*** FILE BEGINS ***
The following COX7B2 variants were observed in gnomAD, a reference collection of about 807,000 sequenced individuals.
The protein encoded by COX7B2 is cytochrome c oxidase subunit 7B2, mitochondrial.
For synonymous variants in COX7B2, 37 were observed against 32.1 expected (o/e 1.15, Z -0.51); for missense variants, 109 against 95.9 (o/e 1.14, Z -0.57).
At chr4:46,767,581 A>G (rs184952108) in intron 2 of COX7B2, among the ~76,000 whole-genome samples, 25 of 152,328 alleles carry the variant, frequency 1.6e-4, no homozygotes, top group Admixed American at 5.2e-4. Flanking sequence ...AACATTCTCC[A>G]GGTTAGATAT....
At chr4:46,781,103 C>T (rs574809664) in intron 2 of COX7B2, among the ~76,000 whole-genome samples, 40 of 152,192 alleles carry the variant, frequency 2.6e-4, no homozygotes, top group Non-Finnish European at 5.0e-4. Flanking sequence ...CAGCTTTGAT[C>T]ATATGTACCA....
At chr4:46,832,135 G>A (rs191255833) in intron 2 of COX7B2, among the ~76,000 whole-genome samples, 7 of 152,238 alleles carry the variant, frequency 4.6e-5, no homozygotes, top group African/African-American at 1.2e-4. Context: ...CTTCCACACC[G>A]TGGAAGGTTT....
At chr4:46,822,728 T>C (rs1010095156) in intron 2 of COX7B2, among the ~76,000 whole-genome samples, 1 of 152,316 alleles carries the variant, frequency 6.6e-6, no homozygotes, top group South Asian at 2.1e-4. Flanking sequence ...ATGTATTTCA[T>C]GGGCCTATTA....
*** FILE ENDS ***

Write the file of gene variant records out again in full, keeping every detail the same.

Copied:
The following COX7B2 variants were observed in gnomAD, a reference collection of about 807,000 sequenced individuals.
The protein encoded by COX7B2 is cytochrome c oxidase subunit 7B2, mitochondrial.
For synonymous variants in COX7B2, 37 were observed against 32.1 expected (o/e 1.15, Z -0.51); for missense variants, 109 against 95.9 (o/e 1.14, Z -0.57).
At chr4:46,767,581 A>G (rs184952108) in intron 2 of COX7B2, among the ~76,000 whole-genome samples, 25 of 152,328 alleles carry the variant, frequency 1.6e-4, no homozygotes, top group Admixed American at 5.2e-4. Flanking sequence ...AACATTCTCC[A>G]GGTTAGATAT....
At chr4:46,781,103 C>T (rs574809664) in intron 2 of COX7B2, among the ~76,000 whole-genome samples, 40 of 152,192 alleles carry the variant, frequency 2.6e-4, no homozygotes, top group Non-Finnish European at 5.0e-4. Flanking sequence ...CAGCTTTGAT[C>T]ATATGTACCA....
At chr4:46,832,135 G>A (rs191255833) in intron 2 of COX7B2, among the ~76,000 whole-genome samples, 7 of 152,238 alleles carry the variant, frequency 4.6e-5, no homozygotes, top group African/African-American at 1.2e-4. Context: ...CTTCCACACC[G>A]TGGAAGGTTT....
At chr4:46,822,728 T>C (rs1010095156) in intron 2 of COX7B2, among the ~76,000 whole-genome samples, 1 of 152,316 alleles carries the variant, frequency 6.6e-6, no homozygotes, top group South Asian at 2.1e-4. Flanking sequence ...ATGTATTTCA[T>C]GGGCCTATTA....